Sunday, November 15, 2015

to the world and back

Isn't it possible: you were created for such a time as this?

We say this every generation; because
every generation needs someone, or thousands,
or all of us, to say:


War is an old story, after all, oft' retold.
Voices rally and change begs for completion.
Hope stirs quietly on our edges.

On edge, held breath, our voices leave our throats
and sound
like someone else's pain;
storied tragedies now our realities and we fight
to heal our world


And yet, in our midst, there are those
who would split themselves in two
if only it means the world and others in it
might break apart, too.

We are inherently evil, it seems;
because we'd kill the killer, if only to make him stop.
We'd end the Torturer's reign,
by whatever means would have her drop
six feet under
or onto another planet
made of eternal fire
wherein the innocent are never subject to torture.

But the only planet we have access to is the one we're on.
Yet we break her,
fill her rivers with blood,
build our lives at her expense and without thought.

How great is our pain?
Not greater than those
who step t'ward bodies
with memories that ache
for the times they knew
before we knew of their deaths;
the sound of a suicide bomb,
the feel of a shot to the chest;
before we knew how to count bodies.

We bury the dead and leave heart pieces with them,
pray them off to eternal rest
beg mercy from the heavens
hold funeral processions
and hope those, too, don't end us.

Lord, Have Mercy on us all.

Thursday, November 12, 2015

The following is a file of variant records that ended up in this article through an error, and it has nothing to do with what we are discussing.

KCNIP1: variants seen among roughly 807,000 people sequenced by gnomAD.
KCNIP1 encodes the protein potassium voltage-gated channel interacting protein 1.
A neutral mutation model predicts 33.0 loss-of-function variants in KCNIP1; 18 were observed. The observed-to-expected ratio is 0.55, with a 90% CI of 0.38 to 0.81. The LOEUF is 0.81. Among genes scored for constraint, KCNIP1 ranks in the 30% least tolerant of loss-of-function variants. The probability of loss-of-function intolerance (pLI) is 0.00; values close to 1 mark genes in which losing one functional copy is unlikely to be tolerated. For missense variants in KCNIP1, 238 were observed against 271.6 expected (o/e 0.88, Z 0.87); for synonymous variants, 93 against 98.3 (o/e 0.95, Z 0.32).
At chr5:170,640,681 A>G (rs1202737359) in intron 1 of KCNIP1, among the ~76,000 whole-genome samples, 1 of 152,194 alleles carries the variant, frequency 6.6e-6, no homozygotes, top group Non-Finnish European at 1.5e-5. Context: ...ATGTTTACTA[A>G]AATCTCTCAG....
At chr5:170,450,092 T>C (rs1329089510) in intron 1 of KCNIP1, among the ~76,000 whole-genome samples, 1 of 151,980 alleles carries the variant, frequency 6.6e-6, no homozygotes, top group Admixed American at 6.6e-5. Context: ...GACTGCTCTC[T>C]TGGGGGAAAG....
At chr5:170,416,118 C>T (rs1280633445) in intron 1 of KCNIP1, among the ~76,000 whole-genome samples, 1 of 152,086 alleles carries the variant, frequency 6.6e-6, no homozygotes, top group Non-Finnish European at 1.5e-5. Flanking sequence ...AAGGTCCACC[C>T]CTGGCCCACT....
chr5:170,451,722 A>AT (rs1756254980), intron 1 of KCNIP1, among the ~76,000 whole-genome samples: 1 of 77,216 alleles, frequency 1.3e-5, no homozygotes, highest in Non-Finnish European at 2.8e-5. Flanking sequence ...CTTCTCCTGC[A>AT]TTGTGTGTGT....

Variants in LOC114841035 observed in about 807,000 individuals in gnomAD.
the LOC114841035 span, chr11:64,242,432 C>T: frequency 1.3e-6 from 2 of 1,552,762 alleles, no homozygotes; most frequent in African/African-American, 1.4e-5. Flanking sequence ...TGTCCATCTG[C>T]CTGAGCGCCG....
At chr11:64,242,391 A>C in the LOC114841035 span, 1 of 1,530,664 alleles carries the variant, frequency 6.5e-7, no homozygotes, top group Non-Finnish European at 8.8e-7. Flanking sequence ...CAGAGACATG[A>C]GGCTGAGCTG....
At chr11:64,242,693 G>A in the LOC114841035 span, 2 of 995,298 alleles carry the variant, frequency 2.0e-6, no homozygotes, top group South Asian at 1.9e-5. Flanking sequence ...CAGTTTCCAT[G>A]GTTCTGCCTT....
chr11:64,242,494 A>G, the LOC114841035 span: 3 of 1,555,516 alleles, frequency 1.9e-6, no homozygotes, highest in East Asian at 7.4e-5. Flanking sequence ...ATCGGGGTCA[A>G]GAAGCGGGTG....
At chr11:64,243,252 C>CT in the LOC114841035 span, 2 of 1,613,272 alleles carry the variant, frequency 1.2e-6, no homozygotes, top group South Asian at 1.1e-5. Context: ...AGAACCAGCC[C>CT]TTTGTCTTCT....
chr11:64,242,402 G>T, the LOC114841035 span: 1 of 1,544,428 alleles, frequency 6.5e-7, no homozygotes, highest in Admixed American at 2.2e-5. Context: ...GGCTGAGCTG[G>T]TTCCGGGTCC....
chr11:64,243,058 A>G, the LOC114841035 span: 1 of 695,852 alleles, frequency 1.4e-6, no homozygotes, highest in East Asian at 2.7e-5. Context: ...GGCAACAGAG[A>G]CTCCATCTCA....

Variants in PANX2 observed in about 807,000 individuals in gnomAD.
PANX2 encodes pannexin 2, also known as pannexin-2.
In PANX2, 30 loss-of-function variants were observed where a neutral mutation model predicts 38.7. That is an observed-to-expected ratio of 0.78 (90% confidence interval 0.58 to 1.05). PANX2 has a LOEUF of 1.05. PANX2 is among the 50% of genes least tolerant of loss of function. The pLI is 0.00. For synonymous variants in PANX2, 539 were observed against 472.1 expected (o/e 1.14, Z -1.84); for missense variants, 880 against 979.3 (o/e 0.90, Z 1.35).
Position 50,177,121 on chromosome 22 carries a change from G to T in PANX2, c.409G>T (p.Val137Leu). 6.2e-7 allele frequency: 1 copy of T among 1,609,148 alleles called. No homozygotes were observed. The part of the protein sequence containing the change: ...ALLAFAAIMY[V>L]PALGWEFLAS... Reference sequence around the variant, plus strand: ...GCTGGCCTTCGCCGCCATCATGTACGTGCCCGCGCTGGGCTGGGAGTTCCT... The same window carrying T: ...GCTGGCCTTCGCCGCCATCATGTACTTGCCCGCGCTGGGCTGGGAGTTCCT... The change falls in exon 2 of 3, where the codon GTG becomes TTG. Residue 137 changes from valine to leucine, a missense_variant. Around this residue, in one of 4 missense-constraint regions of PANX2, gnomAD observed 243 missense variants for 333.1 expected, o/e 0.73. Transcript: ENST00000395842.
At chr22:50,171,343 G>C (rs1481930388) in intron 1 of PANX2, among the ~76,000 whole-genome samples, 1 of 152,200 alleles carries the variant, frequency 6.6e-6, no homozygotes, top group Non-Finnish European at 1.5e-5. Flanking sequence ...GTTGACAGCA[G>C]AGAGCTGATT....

in a New York-sized marathon

I have a deep appreciation for Solidarity; that moment which, all encompassing, joins the greater body of people into one swaying, cheering, singing mass of happiness or purpose. Concerts. Olympic stadiums. Movements. Universality.

So when we walked up to the edge of the 17-mile mark of the New York Marathon, and heard the street-lining crowd cheering the running thousands, I got choked up. I cried, hand-over-heart. All of these people with one focus, all of those feet hitting pavement to reach a goal. More emotion struck as we moved from there, over to the 24-mile mark. Almost finished, so much behind.

I watched these people run and I saw that we can choose how to approach yet another lengthy mile. With interest, attention to the details ahead. With grief, at the many miles of road already gone. Shoulders slumped, or straightened. Heart alight despite the pain, or swallowed by it. Running and finishing both require us to to breathe in, let old air out, and keep our eyes forward, feet steady. This race requires us to be well.

It is my hope, then, that I can be well. And in the meantime, hear the sidelines cheering (though I may have made them up). It seems I'm yearning for solidarity in the mundane, the relief of encouragement in the stuff of every day life. I suppose I want to know that if I stop, if I don't make it to this one's finish line, there'll be hands and arms to catch me, offer me water, lay me on the stretcher and take me home. And, I guess, I find myself praying I'm ready for the race of my very own life.

Purpose is as you accept it. Meaning, the same. Fault and failure belittle, so long as you take them on your way. So let them go. Listen to the Greater, to the call. Hear the voices that don't shame you, at all. Be in solidarity with yourself; be your self-doubts own worst enemy. Put foot to pavement; that finish line is waiting, at the ready.

Toes in the sand: